Archive for November, 2013


Diane Ravitch's blog

The law specifically prohibits the U.S. Department of Education from interfering or directing curriculum or instruction.* There must be a hole in that law big enough to drive a truck through, and drive the Obama administration did.

As we all know, the Obama administration used the $5 billion in Race to the Top funding, and its power (contested) to issue waivers, to push, prod, and bribe states into “voluntarily” abandoning their own standards and adopting the untried Common Core standards. Some states dropped weak standards, some dropped better standards that had proved their worth.

Secretary Duncan says these standards will make everyone “college and career ready.” The nation’s major corporations agree. So do the nation’s two big teachers’ unions.

But how do they know what the effect of the Common Core standards will be?

We know that they cause a dramatic decline in test scores. Their boosters say that is…

View original post 210 more words

Diane Ravitch's blog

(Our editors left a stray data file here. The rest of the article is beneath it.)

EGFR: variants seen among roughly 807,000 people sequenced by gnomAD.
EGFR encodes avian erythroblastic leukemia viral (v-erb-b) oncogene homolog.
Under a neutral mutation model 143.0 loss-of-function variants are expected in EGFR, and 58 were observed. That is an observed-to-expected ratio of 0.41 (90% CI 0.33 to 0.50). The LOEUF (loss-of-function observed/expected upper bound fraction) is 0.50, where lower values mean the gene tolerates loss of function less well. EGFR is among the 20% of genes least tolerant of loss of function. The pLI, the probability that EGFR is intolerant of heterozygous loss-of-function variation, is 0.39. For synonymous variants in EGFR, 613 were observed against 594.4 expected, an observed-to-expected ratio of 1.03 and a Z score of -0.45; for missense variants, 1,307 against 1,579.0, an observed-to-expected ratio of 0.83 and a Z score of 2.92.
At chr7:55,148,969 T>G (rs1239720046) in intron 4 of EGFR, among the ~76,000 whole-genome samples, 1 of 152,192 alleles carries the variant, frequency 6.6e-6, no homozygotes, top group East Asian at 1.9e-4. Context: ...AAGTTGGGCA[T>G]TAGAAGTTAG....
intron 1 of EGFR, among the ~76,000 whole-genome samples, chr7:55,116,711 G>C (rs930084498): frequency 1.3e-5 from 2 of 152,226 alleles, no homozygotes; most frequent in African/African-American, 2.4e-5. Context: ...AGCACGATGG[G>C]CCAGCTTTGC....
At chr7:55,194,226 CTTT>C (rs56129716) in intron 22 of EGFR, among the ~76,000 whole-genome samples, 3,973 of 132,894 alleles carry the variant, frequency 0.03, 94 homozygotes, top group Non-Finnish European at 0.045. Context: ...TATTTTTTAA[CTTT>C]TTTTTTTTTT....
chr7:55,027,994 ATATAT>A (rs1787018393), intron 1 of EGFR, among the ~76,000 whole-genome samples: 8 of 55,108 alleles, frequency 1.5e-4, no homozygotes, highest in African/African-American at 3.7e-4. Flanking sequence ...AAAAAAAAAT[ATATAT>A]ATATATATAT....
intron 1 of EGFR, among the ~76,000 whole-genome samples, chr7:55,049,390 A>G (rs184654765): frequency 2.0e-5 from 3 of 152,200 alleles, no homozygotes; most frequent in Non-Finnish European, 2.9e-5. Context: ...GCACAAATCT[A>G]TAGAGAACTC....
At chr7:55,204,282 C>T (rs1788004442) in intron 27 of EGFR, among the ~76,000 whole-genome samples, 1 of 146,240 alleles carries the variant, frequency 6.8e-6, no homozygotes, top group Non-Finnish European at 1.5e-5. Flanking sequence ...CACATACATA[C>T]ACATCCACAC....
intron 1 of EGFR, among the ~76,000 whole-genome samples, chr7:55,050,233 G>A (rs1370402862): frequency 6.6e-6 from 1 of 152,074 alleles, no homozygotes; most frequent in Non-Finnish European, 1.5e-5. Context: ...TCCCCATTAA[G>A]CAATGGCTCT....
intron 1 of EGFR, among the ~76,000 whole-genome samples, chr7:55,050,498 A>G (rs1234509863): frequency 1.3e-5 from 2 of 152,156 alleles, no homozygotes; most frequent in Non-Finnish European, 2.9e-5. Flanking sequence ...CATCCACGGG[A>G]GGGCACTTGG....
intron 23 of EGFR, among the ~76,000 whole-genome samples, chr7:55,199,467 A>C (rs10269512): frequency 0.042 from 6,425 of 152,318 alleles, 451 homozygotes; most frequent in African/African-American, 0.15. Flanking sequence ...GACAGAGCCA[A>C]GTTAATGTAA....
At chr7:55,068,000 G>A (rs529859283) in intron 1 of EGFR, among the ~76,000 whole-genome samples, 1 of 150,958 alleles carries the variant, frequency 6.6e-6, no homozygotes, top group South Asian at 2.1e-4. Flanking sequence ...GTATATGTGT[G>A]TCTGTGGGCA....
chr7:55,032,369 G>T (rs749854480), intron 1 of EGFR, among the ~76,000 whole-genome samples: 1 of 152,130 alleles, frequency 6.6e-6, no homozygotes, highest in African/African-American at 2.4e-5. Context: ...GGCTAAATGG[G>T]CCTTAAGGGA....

An excellent and unexpected article appeared in the business section of the New York Times on November 5, written by Eduardo Porter.

Despite bipartisan rhetoric about “closing the achievement gap,” and giving every child an equal change “regardless of zip code,” the evidence suggests that this is empty blather. What really matters is which schools get the best funding.

Porter writes:”

The United States is one of few advanced nations where schools serving better-off children usually have more educational resources than those serving poor students, according to research by the Organization for Economic Cooperation and Development. Among the 34 O.E.C.D. nations, only in the United States, Israel and Turkey do disadvantaged schools have lower teacher/student ratios than in those serving more privileged students.

Andreas Schleicher, who runs the O.E.C.D.’s international educational assessments, put it to me this way: “The bottom line is that the vast majority of O.E.C.D. countries…

View original post 338 more words